If you have federal student loans, do you know if they are subsidized or unsubsidized? Are you unsure?
It’s important to know what type of student loans you have: Direct Subsidized Loans, Direct Unsubsidized Loans, or even a mix of both. That’s because the interest on unsubsidized loans accrues differently than interest on subsidized student loans. This can end up costing you more if you’re not careful.
Knowing if you have unsubsidized or subsidized loans can help you make smarter repayment choices and properly prioritize repayment. You can make the right moves to avoid interest on unsubsidized loans, and get the most benefit out of subsidized loans.
How interest on unsubsidized loans costs more
The main difference between an unsubsidized loan and subsidized loan is how and when each accrues interest. Both types of federal student loans carry the same interest rates for undergraduate students. But interest on unsubsidized loans can cost you more.
The initial interest costs on unsubsidized loans
Repayment of all federal student loans defers automatically until six months after you graduate or are no longer enrolled in college.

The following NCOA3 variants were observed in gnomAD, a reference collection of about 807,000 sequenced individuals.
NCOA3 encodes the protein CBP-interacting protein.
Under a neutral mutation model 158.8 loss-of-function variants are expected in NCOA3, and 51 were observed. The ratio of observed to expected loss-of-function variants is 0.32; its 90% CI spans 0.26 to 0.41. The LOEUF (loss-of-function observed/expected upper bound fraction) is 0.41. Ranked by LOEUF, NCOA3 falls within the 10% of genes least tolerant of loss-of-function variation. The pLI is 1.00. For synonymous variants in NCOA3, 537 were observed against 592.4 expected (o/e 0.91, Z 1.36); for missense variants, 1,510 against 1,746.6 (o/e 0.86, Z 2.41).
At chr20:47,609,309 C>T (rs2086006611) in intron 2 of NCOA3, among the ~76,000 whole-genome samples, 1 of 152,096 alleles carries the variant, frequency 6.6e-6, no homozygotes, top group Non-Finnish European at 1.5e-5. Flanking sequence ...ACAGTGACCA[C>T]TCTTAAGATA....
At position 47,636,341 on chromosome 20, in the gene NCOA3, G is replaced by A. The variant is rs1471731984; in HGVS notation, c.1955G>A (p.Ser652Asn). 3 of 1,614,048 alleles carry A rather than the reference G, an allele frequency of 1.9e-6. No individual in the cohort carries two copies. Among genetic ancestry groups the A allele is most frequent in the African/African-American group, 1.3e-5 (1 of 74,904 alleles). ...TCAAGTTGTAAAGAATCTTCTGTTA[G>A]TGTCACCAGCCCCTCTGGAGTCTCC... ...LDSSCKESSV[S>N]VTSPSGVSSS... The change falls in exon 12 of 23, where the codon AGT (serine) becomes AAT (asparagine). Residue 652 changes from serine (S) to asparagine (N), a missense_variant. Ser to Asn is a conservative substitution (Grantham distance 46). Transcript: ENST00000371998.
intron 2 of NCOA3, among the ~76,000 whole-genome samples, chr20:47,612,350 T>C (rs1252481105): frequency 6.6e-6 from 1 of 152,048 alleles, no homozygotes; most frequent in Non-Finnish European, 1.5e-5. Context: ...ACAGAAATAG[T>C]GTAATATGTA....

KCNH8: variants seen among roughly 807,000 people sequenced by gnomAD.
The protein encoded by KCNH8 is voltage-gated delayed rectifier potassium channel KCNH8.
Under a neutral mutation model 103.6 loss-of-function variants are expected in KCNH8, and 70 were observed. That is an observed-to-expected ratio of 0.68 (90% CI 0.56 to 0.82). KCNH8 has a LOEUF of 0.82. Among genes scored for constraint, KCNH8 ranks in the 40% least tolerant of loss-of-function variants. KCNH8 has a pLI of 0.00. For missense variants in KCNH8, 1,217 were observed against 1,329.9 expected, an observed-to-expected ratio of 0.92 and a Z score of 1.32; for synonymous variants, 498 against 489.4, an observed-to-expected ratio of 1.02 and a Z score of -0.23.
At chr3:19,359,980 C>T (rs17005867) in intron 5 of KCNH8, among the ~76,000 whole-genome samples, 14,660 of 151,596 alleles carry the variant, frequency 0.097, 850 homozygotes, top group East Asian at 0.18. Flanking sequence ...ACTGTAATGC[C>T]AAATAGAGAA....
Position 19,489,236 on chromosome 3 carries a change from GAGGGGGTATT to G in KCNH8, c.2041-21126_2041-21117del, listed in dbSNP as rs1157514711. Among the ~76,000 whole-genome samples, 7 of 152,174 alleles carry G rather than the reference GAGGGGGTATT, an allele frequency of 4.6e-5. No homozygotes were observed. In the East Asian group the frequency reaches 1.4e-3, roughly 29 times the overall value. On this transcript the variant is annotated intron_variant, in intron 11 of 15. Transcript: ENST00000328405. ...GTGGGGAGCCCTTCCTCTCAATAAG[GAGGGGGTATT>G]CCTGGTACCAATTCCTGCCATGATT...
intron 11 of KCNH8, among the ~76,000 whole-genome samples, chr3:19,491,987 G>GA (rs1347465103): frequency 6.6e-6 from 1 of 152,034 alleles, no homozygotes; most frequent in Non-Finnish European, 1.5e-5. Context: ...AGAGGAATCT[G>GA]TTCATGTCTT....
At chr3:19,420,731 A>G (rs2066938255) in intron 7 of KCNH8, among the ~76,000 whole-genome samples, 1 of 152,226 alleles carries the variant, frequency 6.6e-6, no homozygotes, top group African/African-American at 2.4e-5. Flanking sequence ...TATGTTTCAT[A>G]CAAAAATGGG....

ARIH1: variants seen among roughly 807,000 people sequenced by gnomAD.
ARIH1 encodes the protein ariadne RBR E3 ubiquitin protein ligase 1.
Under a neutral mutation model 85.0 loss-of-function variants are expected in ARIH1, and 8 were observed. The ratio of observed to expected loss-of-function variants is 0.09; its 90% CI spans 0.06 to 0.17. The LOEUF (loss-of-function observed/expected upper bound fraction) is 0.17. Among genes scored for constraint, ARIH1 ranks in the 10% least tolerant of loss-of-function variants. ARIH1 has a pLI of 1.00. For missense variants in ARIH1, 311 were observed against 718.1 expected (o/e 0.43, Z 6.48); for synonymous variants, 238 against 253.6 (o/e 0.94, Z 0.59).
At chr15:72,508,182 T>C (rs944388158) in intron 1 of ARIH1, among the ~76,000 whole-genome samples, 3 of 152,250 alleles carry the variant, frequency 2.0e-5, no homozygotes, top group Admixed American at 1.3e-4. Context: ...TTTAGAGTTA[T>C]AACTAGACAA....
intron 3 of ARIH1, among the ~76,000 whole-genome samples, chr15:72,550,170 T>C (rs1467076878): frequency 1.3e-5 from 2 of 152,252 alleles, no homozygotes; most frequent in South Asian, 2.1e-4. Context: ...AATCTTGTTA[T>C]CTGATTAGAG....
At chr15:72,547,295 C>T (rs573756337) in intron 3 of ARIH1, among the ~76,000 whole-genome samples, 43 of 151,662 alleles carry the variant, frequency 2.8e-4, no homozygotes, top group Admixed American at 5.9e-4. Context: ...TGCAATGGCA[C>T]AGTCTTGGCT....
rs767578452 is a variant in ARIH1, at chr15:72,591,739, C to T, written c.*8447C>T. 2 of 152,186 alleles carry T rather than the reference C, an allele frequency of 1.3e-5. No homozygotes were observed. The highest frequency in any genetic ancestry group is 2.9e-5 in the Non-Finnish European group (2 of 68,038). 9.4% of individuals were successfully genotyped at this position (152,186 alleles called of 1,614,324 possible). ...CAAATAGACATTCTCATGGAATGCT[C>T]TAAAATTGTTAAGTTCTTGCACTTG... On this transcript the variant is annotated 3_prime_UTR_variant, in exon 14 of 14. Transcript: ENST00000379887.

During this period, the federal government covers all accrued interest costs for subsidized federal loans. Interest on unsubsidized loans, however, starts accruing right away. And this accrued interest is capitalized (meaning added to your balance) before repayment begins.
By the time you graduate, you could owe significantly more than you borrowed.
Let’s look at an example of two students who each borrow $5,000 a year at 4% to cover college costs, and graduate in four years. One student has access to subsidized student loans, and the other only borrows through unsubsidized student loans.
|Student A||Student B|
|Total interest accrued||$2,800||$380|
|Balance upon entering repayment||$22,800||$20,380|
By maximizing the subsidized student loans available each year, Student B avoids most interest charges. She owes $2,420 less by the time she enters repayment than Student A – despite the fact the each initially borrowed $20,000 in student loans. And because of her higher initial balance, Student A will pay $520 more in student loan interest over 10 years of repayment.